A new concept called "liquid shell insulation" has been proposed as a means of temporary thermal protection for scientific instrument probes that are required to operate for short times in hot, high-pressure environments. Liquid shell insulation was conceived to protect probes that would be dropped from spacecraft to great depths in the atmospheres of the outer planets. For example, at a depth of 1,000 km on Jupiter, a probe would have to withstand a pressure of about 4,000 Earth atmospheres (≈0.4 GPa) and a temperature of about 1,800 K. On Earth, liquid shell insulation might be useful for protecting probes that would be inserted in undersea volcanic vents or deep oil wells.

The liquid shell insulation would be placed outside the pressure-bearing outer wall of a instrument probe; this would be done so that, in addition to the delicate instrumentation within, the outer wall would also be thermally protected. Thermal protection of the outer wall would be necessary to prevent the crippling loss of mechanical strength that would occur if the wall were allowed to be heated to 1,000 K or more.

A Scientific Instrument Probe would include instruments inside a pressure vessel that would be covered by liquid shell insulation that would, in turn, be covered by a streamlined outer shell. The liquid shell insulation would provide temporary protection against high ambient temperature.

As its name suggests, liquid shell insulation would be a shell-like structure, with a liquid-filled porous insulation material surrounding the pressure-bearing outer wall (see figure). The basic function of the liquid shell insulation would be to provide a sufficiently long characteristic thermal time so that the protected instruments would not exceed the maximum allowable temperature after the required collection and transmission of data has occurred. In addition to the liquid shell, the probe would be equipped with a streamlined external shell for low drag, so that it could descend to the required depth in a minimum time. The inner surface of the pressure vessel would be lined with a secondary insulating layer consisting of fiberglass with xenon gas filling the interstices; this layer would keep the instruments much cooler than the pressure vessel, which, in turn, would be much cooler than the environment.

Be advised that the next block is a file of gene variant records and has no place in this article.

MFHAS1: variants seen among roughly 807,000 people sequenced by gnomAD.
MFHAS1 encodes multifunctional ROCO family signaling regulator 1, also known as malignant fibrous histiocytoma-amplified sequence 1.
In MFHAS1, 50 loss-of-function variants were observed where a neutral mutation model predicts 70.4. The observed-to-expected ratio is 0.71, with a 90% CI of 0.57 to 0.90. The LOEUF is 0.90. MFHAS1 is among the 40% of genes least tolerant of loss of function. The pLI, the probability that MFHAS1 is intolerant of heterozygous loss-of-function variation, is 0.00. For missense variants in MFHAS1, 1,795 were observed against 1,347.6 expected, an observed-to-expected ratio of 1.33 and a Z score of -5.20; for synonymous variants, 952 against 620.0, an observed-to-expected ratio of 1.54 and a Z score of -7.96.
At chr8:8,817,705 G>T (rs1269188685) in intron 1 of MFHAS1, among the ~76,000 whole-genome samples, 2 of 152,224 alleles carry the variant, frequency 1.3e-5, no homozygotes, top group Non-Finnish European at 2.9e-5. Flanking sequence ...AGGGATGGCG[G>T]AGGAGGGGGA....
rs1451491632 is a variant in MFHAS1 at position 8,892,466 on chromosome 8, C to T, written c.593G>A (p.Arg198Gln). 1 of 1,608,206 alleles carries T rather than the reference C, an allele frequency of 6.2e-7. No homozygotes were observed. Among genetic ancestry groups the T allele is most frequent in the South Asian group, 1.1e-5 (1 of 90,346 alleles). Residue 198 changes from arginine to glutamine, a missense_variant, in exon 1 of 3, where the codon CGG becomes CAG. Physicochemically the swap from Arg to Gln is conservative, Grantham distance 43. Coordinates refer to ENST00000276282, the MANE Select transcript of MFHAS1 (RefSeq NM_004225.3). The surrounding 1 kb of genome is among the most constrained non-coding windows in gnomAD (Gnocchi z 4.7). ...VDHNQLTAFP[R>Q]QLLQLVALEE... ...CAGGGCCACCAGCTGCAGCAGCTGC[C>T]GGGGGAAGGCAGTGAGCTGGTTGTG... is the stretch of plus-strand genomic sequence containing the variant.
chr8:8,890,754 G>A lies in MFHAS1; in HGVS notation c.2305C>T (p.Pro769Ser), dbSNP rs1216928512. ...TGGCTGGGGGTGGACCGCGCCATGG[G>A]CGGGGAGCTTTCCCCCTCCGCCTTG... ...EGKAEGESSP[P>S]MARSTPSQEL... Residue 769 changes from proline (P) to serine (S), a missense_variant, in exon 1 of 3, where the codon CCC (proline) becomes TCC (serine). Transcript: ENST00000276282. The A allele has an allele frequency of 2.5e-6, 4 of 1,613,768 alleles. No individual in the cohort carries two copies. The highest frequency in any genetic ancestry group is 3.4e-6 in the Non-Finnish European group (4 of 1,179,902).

The design of the liquid shell must combine the following features in order to function properly in a high-pressure, high-temperature environment:

  • Low thermal conductivity to limit heating of the pressure vessel,
  • High heat capacity to absorb most of the heat conducted in from the environment,
  • Equalization of the pressure in the liquid with the ambient pressure to prevent loading of the thin streamlined outer shell;
  • Means to prevent hot ambient gases from entering into the shell and compromising its insulating ability.

According to the current design concept, the liquid shell would be made of a porous solid filled with a liquid. To minimize the transfer of heat through the shell, the design and construction of the porous solid component must minimize spurious convective motion of the fluid and attenuate the radiative transfer of heat energy, while allowing some convective motion because of expansion and venting of the liquid as described below.

Both ammonia and water have been considered for use as the liquid. Both of these fluids have very high specific heat capacities and moderate thermal conductivities. Equally important, in the original planetary-exploration scenario, either of these fluids would slowly expand during atmospheric descent because the expansion due to heating would more than offset the shrinkage due to pressurization. Therefore, the shell would have to be open to the atmosphere through a check valve in order to equalize the pressure across the thin streamlined outer shell. The check valve would not only prevent ambient gas from entering the shell, but would also allow the expanding heated liquid to leave the shell, carrying heat with it. Although the liquid ammonia or water would expand during the atmospheric descent, it would not undergo phase change because the ambient pressure would greatly exceed the critical pressure of either fluid [113 atm (11.4 MPa) for ammonia, 220 atm (22.3 MPa) for water].

If ammonia were used, some of it would dissociate into nitrogen and hydrogen at high temperature. The endothermic dissociation reaction would absorb heat, thereby improving the overall insulating performance of the liquid shell.

This work was done by Jeffery L. Hall of Caltech for NASA's Jet Propulsion Laboratory. For further information, access the Technical Support Package (TSP) free on-line at www.nasatech.com/tsp  under the Physical Sciences category.


This Brief includes a Technical Support Package (TSP).
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Liquid Shell Insulation

(reference NPO-20648) is currently available for download from the TSP library.

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